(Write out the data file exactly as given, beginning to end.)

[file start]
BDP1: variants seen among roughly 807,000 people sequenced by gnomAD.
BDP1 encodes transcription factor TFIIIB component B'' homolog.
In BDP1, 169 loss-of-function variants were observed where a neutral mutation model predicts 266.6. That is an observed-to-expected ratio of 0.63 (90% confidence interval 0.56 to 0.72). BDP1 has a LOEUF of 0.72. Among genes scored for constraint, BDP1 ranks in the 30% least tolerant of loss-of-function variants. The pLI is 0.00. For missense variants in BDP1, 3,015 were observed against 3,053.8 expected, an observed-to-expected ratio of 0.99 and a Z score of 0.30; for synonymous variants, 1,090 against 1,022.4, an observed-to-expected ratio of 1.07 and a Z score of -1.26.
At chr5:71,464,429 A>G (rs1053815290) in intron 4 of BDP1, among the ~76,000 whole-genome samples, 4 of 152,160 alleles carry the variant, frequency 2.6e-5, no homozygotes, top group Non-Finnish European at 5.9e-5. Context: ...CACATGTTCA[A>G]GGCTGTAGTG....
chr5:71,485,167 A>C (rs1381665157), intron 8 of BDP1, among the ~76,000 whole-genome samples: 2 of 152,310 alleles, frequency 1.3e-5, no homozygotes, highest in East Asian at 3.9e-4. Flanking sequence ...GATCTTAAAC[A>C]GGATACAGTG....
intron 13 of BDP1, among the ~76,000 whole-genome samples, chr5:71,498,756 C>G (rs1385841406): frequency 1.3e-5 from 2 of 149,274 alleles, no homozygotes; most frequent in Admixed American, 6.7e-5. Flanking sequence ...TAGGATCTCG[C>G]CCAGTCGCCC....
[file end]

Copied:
BDP1: variants seen among roughly 807,000 people sequenced by gnomAD.
BDP1 encodes transcription factor TFIIIB component B'' homolog.
In BDP1, 169 loss-of-function variants were observed where a neutral mutation model predicts 266.6. That is an observed-to-expected ratio of 0.63 (90% confidence interval 0.56 to 0.72). BDP1 has a LOEUF of 0.72. Among genes scored for constraint, BDP1 ranks in the 30% least tolerant of loss-of-function variants. The pLI is 0.00. For missense variants in BDP1, 3,015 were observed against 3,053.8 expected, an observed-to-expected ratio of 0.99 and a Z score of 0.30; for synonymous variants, 1,090 against 1,022.4, an observed-to-expected ratio of 1.07 and a Z score of -1.26.
At chr5:71,464,429 A>G (rs1053815290) in intron 4 of BDP1, among the ~76,000 whole-genome samples, 4 of 152,160 alleles carry the variant, frequency 2.6e-5, no homozygotes, top group Non-Finnish European at 5.9e-5. Context: ...CACATGTTCA[A>G]GGCTGTAGTG....
chr5:71,485,167 A>C (rs1381665157), intron 8 of BDP1, among the ~76,000 whole-genome samples: 2 of 152,310 alleles, frequency 1.3e-5, no homozygotes, highest in East Asian at 3.9e-4. Flanking sequence ...GATCTTAAAC[A>C]GGATACAGTG....
intron 13 of BDP1, among the ~76,000 whole-genome samples, chr5:71,498,756 C>G (rs1385841406): frequency 1.3e-5 from 2 of 149,274 alleles, no homozygotes; most frequent in Admixed American, 6.7e-5. Flanking sequence ...TAGGATCTCG[C>G]CCAGTCGCCC....